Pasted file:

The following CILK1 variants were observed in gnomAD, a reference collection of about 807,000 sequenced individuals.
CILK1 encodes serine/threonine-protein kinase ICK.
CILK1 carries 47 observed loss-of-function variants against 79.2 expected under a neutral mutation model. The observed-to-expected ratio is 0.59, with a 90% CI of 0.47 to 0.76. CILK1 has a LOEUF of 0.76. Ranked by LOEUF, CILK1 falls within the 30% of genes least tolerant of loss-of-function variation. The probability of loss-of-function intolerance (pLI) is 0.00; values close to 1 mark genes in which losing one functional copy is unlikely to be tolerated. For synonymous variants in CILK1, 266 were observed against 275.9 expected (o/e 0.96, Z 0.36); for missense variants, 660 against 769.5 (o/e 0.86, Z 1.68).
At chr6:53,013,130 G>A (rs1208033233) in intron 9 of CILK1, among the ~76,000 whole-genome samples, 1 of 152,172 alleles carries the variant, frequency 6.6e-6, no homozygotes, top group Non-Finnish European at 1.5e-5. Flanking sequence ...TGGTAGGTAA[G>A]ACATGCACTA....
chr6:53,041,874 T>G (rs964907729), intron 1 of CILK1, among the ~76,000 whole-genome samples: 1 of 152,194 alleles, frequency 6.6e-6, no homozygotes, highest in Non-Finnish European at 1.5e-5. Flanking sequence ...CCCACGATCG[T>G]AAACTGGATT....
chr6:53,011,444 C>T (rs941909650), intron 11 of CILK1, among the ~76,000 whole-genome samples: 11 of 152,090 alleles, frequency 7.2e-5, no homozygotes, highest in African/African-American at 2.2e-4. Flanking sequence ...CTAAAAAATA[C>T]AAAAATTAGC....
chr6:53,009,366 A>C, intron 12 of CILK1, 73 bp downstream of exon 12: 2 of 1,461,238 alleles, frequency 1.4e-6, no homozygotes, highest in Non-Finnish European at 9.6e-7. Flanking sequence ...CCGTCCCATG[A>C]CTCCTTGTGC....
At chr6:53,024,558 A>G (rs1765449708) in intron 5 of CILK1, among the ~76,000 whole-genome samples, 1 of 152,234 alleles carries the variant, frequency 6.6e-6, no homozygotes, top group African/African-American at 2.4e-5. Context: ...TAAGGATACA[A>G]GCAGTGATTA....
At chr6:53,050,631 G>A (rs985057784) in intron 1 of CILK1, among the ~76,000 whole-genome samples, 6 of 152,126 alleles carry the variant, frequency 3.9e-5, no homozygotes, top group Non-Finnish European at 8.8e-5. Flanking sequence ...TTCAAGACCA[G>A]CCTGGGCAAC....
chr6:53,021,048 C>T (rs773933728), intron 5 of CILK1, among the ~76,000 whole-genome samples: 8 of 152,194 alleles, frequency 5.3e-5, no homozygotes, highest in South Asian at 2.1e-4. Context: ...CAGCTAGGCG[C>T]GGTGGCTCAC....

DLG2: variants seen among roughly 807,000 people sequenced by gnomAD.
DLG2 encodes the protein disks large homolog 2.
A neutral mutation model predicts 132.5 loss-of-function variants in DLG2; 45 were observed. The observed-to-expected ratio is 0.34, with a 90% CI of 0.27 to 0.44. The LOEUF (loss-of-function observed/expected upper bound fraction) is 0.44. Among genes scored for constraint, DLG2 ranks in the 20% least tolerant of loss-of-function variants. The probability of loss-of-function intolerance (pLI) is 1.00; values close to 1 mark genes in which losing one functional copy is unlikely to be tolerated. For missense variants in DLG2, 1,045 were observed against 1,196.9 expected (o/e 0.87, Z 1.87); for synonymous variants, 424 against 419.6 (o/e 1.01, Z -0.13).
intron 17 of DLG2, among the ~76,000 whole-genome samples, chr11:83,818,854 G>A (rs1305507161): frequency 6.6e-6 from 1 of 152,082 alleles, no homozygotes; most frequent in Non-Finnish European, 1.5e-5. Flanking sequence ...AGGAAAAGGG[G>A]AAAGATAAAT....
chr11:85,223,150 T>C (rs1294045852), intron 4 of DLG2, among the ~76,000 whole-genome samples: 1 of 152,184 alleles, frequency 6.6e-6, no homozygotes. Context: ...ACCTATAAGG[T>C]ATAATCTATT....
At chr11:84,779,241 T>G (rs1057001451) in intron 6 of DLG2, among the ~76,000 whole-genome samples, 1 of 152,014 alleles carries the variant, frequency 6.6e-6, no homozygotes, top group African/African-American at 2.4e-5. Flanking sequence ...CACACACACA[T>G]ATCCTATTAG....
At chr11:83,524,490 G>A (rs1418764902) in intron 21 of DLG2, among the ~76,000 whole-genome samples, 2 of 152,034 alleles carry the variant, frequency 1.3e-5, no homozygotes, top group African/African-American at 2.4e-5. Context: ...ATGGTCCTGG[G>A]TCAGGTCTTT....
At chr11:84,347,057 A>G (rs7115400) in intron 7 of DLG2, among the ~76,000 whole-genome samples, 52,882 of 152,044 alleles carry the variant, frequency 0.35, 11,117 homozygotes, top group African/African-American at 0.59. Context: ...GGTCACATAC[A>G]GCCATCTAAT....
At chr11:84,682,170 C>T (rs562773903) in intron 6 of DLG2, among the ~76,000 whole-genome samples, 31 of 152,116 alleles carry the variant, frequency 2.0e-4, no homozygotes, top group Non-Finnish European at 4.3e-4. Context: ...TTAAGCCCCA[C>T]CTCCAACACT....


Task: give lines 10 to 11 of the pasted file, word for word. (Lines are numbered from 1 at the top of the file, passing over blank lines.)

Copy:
chr6:53,021,048 C>T (rs773933728), intron 5 of CILK1, among the ~76,000 whole-genome samples: 8 of 152,194 alleles, frequency 5.3e-5, no homozygotes, highest in South Asian at 2.1e-4. Context: ...CAGCTAGGCG[C>T]GGTGGCTCAC....

DLG2: variants seen among roughly 807,000 people sequenced by gnomAD.